Wednesday, July 17, 2013

Water and Ice Art

Most of the country is sizzling in a heat wave that continues through the weekend.

A Waterspout in Florida   Astronomy Picture of the Day - July 17, 2013

Pictured above is one of the better images yet recorded of a waterspout, a type of tornado that occurs over water. Waterspouts are spinning columns of rising moist air that typically form over warm water. Waterspouts can be as dangerous as tornadoes and can feature wind speeds over 200 kilometers per hour. Some waterspouts form away from thunderstorms and even during relatively fair weather. Waterspouts may be relatively transparent and initially visible only by an unusual pattern they create on the water. The above image was taken earlier this month near Tampa Bay, Florida. The Atlantic Ocean off the coast of Florida is arguably the most active area in the world for waterspouts, with hundreds forming each year. Some people speculate that waterspouts are responsible for some of the losses recorded in the Bermuda Triangle.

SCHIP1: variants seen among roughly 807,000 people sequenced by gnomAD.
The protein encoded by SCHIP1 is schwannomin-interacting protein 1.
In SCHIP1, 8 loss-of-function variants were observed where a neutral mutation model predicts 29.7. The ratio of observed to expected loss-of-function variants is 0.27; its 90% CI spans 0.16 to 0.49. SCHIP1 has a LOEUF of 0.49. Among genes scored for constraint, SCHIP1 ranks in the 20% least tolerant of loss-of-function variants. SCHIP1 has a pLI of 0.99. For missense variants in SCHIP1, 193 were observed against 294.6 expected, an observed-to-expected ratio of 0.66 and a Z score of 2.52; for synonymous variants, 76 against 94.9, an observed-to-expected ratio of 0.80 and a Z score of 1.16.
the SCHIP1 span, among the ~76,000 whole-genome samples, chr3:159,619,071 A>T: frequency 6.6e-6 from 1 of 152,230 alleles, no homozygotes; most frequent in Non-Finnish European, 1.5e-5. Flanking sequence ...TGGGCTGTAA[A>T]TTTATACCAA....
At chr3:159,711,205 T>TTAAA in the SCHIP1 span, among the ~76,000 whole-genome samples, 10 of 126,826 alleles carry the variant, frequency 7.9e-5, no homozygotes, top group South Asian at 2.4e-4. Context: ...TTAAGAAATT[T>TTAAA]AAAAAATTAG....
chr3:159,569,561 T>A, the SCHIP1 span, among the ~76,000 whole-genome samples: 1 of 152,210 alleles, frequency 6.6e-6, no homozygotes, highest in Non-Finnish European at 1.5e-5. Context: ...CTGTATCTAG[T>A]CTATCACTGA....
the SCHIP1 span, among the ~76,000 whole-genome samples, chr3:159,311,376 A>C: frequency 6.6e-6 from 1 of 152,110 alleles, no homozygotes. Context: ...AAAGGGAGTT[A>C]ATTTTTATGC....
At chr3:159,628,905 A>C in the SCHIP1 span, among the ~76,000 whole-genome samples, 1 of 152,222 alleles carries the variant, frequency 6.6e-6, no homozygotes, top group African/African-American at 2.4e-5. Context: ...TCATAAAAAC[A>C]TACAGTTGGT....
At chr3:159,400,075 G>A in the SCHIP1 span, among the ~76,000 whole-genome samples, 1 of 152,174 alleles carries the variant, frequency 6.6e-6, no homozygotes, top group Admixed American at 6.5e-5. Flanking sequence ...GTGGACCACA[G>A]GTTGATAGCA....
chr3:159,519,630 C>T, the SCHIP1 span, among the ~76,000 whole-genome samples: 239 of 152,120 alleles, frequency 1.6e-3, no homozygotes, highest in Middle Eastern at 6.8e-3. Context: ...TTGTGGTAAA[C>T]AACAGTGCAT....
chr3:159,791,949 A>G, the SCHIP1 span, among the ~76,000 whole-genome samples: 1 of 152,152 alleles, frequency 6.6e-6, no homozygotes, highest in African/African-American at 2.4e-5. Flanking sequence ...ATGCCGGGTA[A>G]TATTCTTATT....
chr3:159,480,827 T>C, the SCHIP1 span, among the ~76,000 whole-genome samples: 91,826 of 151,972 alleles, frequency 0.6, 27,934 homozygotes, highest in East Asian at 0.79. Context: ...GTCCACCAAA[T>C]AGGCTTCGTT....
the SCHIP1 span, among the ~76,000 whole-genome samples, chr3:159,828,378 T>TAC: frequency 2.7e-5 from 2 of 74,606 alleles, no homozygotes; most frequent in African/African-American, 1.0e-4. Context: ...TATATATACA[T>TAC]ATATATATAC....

Put your cursor on the door, it opens, close your eyes, what do you see?

Coronal mass ejection to pass Earth, Messenger and Juno   PhysOrg - July 16, 2013
On July 16, 2013, at 12:09 a.m. EDT, the sun erupted with an Earth-directed coronal mass ejection or CME, a solar phenomenon that can send billions of tons of particles into space that can reach Earth one to three days later. These particles cannot travel through the atmosphere to harm humans on Earth, but they can affect electronic systems in satellites and on the ground.

7.3-magnitude quake off Antarctica, no injuries   FOX - July 16, 2013
A powerful 7.3-magnitude earthquake struck off the coast of Antarctica on Monday, generating large waves but causing no injuries, seismic experts at Argentina's Orcadas base in Antarctica said.